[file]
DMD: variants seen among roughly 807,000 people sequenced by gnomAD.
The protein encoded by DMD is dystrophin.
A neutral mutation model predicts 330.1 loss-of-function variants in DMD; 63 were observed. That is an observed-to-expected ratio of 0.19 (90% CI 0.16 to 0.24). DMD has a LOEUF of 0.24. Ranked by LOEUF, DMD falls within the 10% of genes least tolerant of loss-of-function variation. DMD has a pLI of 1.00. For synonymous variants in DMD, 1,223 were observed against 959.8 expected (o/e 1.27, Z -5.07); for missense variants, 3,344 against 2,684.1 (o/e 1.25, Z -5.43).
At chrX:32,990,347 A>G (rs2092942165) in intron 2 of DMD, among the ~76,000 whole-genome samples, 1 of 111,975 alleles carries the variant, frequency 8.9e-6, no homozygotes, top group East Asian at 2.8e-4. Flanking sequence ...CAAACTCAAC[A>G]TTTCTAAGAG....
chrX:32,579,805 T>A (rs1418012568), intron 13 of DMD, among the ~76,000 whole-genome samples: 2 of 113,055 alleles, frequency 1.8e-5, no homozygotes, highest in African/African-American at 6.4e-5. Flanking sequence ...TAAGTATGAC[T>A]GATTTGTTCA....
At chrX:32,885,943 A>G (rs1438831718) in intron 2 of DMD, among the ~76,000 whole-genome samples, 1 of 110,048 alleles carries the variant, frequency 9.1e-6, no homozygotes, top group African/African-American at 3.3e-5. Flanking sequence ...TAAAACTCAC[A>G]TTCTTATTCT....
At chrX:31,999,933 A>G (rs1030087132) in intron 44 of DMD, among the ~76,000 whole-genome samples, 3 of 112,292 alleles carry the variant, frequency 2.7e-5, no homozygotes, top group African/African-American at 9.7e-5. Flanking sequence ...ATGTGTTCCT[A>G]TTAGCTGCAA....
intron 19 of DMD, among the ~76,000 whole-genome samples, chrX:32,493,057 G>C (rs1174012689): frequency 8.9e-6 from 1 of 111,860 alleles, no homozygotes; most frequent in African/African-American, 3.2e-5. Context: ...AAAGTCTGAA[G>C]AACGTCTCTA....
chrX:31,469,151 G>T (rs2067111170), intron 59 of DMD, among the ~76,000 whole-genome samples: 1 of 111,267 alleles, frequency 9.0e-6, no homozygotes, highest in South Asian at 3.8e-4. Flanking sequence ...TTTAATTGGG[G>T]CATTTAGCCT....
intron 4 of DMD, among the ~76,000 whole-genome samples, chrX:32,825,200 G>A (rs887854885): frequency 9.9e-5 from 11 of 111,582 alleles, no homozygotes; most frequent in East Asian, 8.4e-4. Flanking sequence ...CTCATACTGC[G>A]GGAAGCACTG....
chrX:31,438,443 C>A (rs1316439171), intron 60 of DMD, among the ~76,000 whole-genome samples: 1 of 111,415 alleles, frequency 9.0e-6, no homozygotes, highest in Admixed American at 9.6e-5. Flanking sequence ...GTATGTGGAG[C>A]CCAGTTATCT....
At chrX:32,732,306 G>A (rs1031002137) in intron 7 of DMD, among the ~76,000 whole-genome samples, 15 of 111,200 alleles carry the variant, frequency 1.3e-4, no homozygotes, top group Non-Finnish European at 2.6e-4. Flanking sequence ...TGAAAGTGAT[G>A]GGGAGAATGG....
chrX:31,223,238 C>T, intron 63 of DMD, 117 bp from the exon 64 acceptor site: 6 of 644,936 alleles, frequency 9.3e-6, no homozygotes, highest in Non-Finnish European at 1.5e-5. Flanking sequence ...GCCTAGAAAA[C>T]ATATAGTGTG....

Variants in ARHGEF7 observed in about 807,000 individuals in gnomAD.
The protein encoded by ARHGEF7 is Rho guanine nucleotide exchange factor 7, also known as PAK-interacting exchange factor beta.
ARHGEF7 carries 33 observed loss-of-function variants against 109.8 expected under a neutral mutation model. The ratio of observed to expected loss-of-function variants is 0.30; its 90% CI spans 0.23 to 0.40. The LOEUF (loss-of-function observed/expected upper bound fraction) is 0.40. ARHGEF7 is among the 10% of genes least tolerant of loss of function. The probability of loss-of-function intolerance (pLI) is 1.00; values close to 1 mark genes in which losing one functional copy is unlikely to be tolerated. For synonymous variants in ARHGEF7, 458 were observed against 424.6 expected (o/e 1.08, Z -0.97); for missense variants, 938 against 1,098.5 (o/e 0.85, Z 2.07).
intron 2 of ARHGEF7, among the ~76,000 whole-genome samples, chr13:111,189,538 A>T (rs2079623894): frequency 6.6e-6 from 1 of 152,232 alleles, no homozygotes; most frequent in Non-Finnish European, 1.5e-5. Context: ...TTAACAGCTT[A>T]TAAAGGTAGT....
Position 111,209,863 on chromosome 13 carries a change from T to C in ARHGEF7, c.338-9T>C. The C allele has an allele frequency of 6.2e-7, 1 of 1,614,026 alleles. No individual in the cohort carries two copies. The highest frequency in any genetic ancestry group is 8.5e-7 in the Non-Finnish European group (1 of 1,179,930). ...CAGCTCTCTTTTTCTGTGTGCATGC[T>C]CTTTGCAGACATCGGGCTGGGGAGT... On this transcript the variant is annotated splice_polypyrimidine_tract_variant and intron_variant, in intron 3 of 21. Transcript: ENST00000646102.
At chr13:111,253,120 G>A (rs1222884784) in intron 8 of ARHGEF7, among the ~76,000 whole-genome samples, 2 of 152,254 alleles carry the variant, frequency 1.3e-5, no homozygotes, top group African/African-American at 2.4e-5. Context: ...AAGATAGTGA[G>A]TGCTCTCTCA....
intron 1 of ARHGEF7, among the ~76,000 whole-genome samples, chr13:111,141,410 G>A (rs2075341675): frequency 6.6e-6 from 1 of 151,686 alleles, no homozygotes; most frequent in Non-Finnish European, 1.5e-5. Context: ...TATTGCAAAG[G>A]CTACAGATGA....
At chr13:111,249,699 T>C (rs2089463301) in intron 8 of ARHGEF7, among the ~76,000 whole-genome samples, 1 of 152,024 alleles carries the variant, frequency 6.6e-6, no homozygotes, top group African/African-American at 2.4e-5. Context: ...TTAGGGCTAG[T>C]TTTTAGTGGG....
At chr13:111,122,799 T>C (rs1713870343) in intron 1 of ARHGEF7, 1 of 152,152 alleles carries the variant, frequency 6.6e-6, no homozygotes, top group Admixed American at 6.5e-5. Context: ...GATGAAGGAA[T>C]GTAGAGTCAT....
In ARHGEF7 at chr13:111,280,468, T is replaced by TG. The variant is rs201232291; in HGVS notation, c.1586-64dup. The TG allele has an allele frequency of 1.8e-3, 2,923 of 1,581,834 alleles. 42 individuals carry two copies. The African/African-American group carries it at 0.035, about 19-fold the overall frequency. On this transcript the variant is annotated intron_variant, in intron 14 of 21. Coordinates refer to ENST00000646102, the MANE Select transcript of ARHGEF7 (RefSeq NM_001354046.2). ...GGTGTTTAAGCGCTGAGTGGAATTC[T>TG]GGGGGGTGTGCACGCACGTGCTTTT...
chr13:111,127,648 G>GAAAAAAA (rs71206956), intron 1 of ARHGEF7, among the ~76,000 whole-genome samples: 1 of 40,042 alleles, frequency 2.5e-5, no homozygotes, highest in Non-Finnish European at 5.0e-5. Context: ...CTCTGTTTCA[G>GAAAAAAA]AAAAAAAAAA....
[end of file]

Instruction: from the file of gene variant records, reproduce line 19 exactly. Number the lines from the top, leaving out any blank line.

At chr13:111,253,120 G>A (rs1222884784) in intron 8 of ARHGEF7, among the ~76,000 whole-genome samples, 2 of 152,254 alleles carry the variant, frequency 1.3e-5, no homozygotes, top group African/African-American at 2.4e-5. Context: ...AAGATAGTGA[G>A]TGCTCTCTCA....